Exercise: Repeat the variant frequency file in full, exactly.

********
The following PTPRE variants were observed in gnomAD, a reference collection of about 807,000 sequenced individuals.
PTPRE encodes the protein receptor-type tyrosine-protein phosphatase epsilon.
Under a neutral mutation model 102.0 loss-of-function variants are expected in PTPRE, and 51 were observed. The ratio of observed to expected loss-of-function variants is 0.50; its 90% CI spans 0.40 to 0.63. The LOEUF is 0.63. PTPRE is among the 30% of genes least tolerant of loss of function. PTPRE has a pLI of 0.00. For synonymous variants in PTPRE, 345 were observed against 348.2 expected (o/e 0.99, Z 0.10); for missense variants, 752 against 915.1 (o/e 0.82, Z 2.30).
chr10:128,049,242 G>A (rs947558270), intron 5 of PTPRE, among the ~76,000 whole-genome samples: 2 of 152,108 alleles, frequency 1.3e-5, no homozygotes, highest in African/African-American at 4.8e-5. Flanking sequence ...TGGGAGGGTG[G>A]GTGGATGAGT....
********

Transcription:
The following PTPRE variants were observed in gnomAD, a reference collection of about 807,000 sequenced individuals.
PTPRE encodes the protein receptor-type tyrosine-protein phosphatase epsilon.
Under a neutral mutation model 102.0 loss-of-function variants are expected in PTPRE, and 51 were observed. The ratio of observed to expected loss-of-function variants is 0.50; its 90% CI spans 0.40 to 0.63. The LOEUF is 0.63. PTPRE is among the 30% of genes least tolerant of loss of function. PTPRE has a pLI of 0.00. For synonymous variants in PTPRE, 345 were observed against 348.2 expected (o/e 0.99, Z 0.10); for missense variants, 752 against 915.1 (o/e 0.82, Z 2.30).
chr10:128,049,242 G>A (rs947558270), intron 5 of PTPRE, among the ~76,000 whole-genome samples: 2 of 152,108 alleles, frequency 1.3e-5, no homozygotes, highest in African/African-American at 4.8e-5. Flanking sequence ...TGGGAGGGTG[G>A]GTGGATGAGT....